It was perhaps a serendipitous accident. It is a golfing dictum that for right-handed golfers, the left arm remains straight during a swing, but Peete, who never had a golf lesson before he turned pro, developed his own method, compensating for his handicap and developing a stroke uncanny in its accuracy, or, as his onetime caddy Dolphus Hill said in 1986, “He goes flag on you.”

Peete was regularly among the tour leaders in driving accuracy and greens hit in regulation. …

Peete led the PGA Tour eight straight years in percent of fairways hit off the tee. In 1983 he peaked at avoiding the rough on 84.55% of his tee shots. (In 2014, David Toms led all pros with a 75.49%, despite large technological advances in clubs and balls since about 1990.]

Peete never ranked higher than 128th in driving distance. He was a little bit like a baseball player making the All Star Games in the 1980s by choking up on the bat and trying to hit ‘em where they ain’t like in the Dead Ball Era. The baseball player I’d compare him to might be Ichiro Suzuki: you wouldn’t necessarily advise a kid to follow Peete’s or Suzuki’s strategies, but they made being a fan more interesting because they were so idiosyncratic.

It was in Rochester, in the summer of 1966, that he tried golf for the first time. He was 23. Friends invited him to a fish fry, he recalled in a 1986 interview with Boys’ Life magazine, but they took him to a golf course instead.

“I couldn’t get a ride home,” he said, “so I went along with the fool idea.”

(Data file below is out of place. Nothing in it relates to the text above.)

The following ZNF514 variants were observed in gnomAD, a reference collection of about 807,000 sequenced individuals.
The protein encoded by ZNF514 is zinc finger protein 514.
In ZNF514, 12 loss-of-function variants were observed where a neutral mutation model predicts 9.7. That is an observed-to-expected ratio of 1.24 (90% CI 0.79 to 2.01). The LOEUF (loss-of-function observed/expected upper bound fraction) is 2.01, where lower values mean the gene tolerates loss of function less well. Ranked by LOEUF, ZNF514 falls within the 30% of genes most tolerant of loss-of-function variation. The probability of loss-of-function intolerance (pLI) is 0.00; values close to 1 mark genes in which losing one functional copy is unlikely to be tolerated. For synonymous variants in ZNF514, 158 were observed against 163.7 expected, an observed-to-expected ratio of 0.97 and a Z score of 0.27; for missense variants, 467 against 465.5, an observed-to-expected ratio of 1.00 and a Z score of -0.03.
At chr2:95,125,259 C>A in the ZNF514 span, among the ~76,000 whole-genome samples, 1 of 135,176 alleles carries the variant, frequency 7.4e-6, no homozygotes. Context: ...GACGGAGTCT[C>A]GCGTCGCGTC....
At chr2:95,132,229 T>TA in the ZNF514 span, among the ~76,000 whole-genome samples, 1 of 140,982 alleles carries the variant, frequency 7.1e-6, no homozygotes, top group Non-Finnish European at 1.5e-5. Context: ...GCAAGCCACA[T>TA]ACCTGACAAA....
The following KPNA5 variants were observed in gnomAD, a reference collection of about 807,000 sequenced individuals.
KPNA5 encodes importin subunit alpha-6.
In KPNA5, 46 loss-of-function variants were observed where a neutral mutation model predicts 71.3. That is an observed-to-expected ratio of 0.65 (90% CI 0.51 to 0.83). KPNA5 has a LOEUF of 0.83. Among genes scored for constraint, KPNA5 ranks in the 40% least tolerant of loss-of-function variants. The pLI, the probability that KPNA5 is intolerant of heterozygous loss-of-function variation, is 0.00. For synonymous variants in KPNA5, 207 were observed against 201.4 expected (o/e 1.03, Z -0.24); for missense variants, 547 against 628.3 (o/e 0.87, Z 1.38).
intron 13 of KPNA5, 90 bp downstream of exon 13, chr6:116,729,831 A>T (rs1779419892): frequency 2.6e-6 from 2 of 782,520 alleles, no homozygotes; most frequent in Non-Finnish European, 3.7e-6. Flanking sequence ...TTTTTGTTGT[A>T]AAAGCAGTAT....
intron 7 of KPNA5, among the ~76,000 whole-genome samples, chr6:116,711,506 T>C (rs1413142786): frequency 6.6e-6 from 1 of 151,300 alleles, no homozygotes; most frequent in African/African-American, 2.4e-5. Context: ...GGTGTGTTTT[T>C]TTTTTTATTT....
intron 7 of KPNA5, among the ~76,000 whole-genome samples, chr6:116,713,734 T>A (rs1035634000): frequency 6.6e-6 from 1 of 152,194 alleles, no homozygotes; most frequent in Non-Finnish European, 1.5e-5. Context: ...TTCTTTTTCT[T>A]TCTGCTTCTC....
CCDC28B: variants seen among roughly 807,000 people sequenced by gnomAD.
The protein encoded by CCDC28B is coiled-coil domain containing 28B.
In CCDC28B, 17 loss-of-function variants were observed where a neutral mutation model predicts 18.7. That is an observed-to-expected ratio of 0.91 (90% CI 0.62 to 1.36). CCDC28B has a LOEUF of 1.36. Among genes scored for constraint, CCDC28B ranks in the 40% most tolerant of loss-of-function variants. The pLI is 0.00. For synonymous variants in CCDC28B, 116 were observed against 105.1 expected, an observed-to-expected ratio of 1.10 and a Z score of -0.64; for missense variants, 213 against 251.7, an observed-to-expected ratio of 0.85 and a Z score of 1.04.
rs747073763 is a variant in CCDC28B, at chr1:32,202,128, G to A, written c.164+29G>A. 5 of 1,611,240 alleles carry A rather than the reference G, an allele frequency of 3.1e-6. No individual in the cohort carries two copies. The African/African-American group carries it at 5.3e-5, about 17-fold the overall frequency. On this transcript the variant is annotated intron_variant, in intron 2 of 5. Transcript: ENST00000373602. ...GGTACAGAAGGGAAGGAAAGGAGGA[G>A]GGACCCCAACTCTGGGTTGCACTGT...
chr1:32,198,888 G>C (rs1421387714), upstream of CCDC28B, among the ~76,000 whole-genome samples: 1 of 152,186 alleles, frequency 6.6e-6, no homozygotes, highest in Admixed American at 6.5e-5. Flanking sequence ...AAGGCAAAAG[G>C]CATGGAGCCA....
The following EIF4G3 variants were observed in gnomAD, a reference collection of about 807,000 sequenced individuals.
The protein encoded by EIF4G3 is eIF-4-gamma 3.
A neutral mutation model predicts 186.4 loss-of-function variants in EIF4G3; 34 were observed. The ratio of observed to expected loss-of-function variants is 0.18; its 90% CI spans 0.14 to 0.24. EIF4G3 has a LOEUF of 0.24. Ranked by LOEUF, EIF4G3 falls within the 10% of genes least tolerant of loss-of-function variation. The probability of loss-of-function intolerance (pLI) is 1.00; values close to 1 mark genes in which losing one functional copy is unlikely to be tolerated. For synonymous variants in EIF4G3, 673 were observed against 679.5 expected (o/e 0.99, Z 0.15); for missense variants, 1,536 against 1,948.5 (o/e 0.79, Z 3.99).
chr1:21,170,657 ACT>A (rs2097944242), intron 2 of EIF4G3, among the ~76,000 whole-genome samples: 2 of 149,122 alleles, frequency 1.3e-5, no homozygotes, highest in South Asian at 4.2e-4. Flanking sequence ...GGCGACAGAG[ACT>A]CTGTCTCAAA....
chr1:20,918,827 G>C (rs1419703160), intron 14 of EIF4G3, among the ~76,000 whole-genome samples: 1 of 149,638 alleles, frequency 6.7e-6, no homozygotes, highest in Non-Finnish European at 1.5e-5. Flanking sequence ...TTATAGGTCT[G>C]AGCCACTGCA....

Quickly bitten by the bug, and with his selling done at night, he began spending days on the golf course, teaching himself by reading books. He took advice on his grip from the man who sold him his golf gloves, practiced on a baseball field, made films of his stroke and studied them. It took him nine years and three trips to the PGA qualifying school before he earned the right to join the tour, at 32, in 1975.

At the time, blacks were rare in professional golf, a sport that had a history of exclusion. A “Caucasian-only” clause was not rescinded by the PGA until 1961, and only a handful of black golfers — among them Charlie Sifford (who died in February), Lee Elder and Jim Dent — preceded Peete on the pro tour.

Actually, black golfers are less common today. The quarter black Tiger is the only black winner since Peete in 1986. Caddying and mowing fairways offered poor boys entry level jobs, and there was a shadowy career path in the Darwinian world of golf hustling. Lee Elder, for example, worked as the chauffeur of famous gambler Titanic Thompson as part of a long-running scam in which Thompson would fleece wealthy suckers by telling them “Hell, I can beat the two of you with my chauffeur as my partner.”

A white player of Peete’s generation, Larry Nelson, took up golf at 21 after getting back from a tour of infantry duty in Vietnam. He went on to win ten times, including three majors. Nelson qualified for the pro tour more quickly than Peete, only a half dozen years after taking up golf, but it still him took him over a decade before his first win.

Since then I’m not familiar with anybody having much pro success taking up golf after their teen years. There are a huge number of retired team sport athletes who would love to play on the over-50 pro golf tour, but almost none have made the transition.

Sports are getting more specialized, more dependent upon early concentrations. It’s clear from Jack Nicklaus’ autobiography that he subscribed to a philosophy of well-roundedness in sports that has faded in recent decades.

Thus it seems bizarre today, but when Nicklaus enrolled at Ohio State in 1959, he expected to walk on to the Buckeye basketball team to give him a sport to play when the golf courses were snowed under. After all, he had been a fine high school basketball player and had just set the Ohio schoolboy record for most consecutive free throws made (26). But then Nicklaus discovered just how good was the Ohio State basketball team, which won the NCAA champion the next spring with John Havlicek, Jerry Lucas, and a reserve named Bobby Knight, so he decided to finally concentrate on golf.